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Annie, I've never read more than Narnia and the Perelandria (sp?) Chronicles (and I don't want to join in the general jumping down your throat! :wink), but what do you think of the idea put forth in the Last Battle that anyone that served Tash in name but in action did good and true works qualified for Aslan's country? That doesn't seem to me to jive with 'no other name under heaven.'

I would like to read through those links as soon as I have some more time. :)

Hi, salyan. I admit I was thinking of you when I posted the link to the articles, mainly because you seem to be somewhat of a kindred spirit in that you enjoy thinking about and evaluating literature. If you ever do get around reading the articles, I would love to get your take on them. No pressure, though. The articles aren't really just about C.S. Lewis, but about mythological concepts in general.

Yes, The Last Battle does seem to have at least one theological problem. I won't try to explain it away, but I do think a person can gain a more rounded perspective on what Lewis thought about that particular issue by reading his more definitive works. Having read most, if not all, of those works, I can say that Lewis was definitely not a Universalist. His ideas about what happens to those who have not had a chance to hear the gospel during their earthly life are fairly complex. He did believe, though, according to his own writings, that it is only through redemption in Christ that a person can be saved from eternal damnation. How that all plays out is somewhat of a mystery even among fundamentalist and evangelical Christians...Some believe that those who have never heard the gospel will be given a second chance after the Rapture...and there are other views about how Christ's mercy deals with the ignorant as well as babies, mentally handicapped people, etc. Lewis had some interesting ideas on this subject, but you don't get a full picture of them from reading only The
Last Battle.

BTW, my all-time favorite chapters of The Chronicles of Narnia are the final chapters of The Last Battle..."The term is over; the holidays have begun," etc.

Since four months ago when I was diagnosed with a potentially terminal disease, I have so much enjoyed reading Lewis's books The Great Divorce and The Problem of Pain. Very uplifting and encouraging...along with Til We Have Faces, and Reflections on the Psalms, and, and, and...:-) Of course, nothing in this world beats the Scriptures for comfort and nourishment and instruction.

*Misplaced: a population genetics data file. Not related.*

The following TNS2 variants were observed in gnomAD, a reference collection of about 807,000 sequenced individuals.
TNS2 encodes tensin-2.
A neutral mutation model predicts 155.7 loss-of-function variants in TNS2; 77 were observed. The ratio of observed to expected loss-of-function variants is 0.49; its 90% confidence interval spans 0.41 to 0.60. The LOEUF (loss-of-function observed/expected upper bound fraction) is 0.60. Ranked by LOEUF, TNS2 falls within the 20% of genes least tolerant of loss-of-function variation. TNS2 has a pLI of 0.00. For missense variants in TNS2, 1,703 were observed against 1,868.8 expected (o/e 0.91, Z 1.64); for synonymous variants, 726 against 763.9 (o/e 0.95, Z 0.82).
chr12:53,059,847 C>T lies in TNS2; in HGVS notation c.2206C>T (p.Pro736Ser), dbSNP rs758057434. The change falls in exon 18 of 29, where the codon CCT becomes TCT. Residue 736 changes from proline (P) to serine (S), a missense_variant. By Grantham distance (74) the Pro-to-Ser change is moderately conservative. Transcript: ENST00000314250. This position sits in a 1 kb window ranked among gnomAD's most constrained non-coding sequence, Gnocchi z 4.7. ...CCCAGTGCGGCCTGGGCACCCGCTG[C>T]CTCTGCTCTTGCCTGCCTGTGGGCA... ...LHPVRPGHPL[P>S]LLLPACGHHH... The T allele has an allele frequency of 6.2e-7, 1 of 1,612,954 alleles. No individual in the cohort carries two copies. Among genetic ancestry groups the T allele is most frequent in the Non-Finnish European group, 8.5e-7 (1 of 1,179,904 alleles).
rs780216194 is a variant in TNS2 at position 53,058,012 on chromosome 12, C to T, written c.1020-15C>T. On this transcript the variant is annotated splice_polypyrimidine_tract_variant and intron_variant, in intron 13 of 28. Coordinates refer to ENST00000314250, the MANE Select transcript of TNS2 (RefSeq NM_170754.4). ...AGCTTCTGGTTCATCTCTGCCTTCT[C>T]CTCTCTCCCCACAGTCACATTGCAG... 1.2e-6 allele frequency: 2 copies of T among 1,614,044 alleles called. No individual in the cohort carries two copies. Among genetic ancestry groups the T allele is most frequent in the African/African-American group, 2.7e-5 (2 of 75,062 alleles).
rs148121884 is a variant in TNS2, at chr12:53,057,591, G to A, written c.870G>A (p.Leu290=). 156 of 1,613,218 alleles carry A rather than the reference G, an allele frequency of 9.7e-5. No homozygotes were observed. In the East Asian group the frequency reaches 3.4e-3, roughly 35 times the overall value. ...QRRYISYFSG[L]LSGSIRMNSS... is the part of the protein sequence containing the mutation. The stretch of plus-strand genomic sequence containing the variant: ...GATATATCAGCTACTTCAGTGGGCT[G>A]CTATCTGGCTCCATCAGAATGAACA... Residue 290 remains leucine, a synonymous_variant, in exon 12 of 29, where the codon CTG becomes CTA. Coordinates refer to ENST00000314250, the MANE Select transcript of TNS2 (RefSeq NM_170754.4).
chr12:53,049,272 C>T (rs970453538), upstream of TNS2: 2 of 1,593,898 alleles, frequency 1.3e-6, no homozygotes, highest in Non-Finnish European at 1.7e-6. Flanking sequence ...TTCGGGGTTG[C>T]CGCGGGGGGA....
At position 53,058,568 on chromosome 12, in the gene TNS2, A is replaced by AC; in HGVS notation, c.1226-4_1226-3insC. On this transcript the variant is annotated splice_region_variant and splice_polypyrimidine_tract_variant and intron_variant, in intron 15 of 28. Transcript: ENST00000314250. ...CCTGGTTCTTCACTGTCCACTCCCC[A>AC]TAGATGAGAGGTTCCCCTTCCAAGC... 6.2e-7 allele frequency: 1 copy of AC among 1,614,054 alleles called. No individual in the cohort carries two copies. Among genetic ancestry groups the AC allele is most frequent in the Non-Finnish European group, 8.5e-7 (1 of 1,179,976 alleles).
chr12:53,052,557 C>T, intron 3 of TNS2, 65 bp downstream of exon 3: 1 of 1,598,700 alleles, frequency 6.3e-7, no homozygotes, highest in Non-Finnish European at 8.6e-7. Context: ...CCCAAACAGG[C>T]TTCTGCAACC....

Regarding the whole "was C.S. Lewis a Christian" issue, there's really no substitute for reading what Lewis himself had to say...within the context of the whole work(s). Quotations can be taken out of context so easily to "prove" just about anything, as I believe at least one poster on this thread has rightly observed. It is impossible to take seriously the comments of anyone who hasn't really done the homework, but is merely parroting the opinion of someone else. Edited by Annie

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Amazing, I suppose all of us that disagree on the writings of C. S. Lewis, that we just have no kindness in us at all. That we are nothing but mean spirited hateful people.

I & others are only parroting what's in the Bible & what it say to leave alone. Yet I refuse to compromise on such issue so that I can be called kind by those that recommend writing of people such as C.S Lewis for Christian reading,

Your more than welcome to take anything I post & throw it out, completely disregarding it, but when you keep saying we are unkind, that does not show any respect at all for any that post on this forum.

And let it be known, I have no hard feelings at all, not any!

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Amazing, I suppose all of us that disagree on the writings of C. S. Lewis, that we just have no kindness in us at all. That we are nothing but mean spirited hateful people.

I & others are only parroting what's in the Bible & what it say to leave alone. Yet I refuse to compromise on such issue so that I can be called kind by those that recommend writing of people such as C.S Lewis for Christian reading,

Your more than welcome to take anything I post & throw it out, completely disregarding it, but when you keep saying we are unkind, that does not show any respect at all for any that post on this forum.

And let it be known, I have no hard feelings at all, not any!

I'm confused...Who has said you are unkind?

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Swath, I may not agree with Annie on all our reading choices, but they are areas of Christian liberty and are no reason to consider her unsaved.


I don't consider it liberty Ma'am, it's error, against the scriptures, something to separate from and avoid. After reading this and other posts in the past, I wonder what kind of gospel they subscribe to?